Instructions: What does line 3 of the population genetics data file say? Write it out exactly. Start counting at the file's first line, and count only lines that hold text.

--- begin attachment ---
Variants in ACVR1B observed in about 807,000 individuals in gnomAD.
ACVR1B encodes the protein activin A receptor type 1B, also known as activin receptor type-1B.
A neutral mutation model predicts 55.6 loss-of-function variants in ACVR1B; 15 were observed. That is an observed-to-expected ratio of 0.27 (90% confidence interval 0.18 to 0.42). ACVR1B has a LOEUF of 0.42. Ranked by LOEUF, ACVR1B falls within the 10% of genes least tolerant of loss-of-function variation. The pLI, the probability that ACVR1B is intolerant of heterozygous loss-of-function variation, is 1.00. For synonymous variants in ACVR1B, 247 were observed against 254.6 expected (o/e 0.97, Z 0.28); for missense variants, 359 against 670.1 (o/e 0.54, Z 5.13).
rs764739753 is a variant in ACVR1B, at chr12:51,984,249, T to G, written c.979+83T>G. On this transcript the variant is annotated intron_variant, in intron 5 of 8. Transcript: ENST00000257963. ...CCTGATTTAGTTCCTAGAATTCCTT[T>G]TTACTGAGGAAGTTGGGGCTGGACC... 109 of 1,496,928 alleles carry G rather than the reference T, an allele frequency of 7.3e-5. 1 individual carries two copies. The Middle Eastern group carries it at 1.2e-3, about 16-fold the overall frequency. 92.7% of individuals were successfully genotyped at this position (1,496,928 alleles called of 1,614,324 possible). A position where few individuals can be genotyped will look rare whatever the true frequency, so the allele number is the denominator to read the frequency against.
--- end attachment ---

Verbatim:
A neutral mutation model predicts 55.6 loss-of-function variants in ACVR1B; 15 were observed. That is an observed-to-expected ratio of 0.27 (90% confidence interval 0.18 to 0.42). ACVR1B has a LOEUF of 0.42. Ranked by LOEUF, ACVR1B falls within the 10% of genes least tolerant of loss-of-function variation. The pLI, the probability that ACVR1B is intolerant of heterozygous loss-of-function variation, is 1.00. For synonymous variants in ACVR1B, 247 were observed against 254.6 expected (o/e 0.97, Z 0.28); for missense variants, 359 against 670.1 (o/e 0.54, Z 5.13).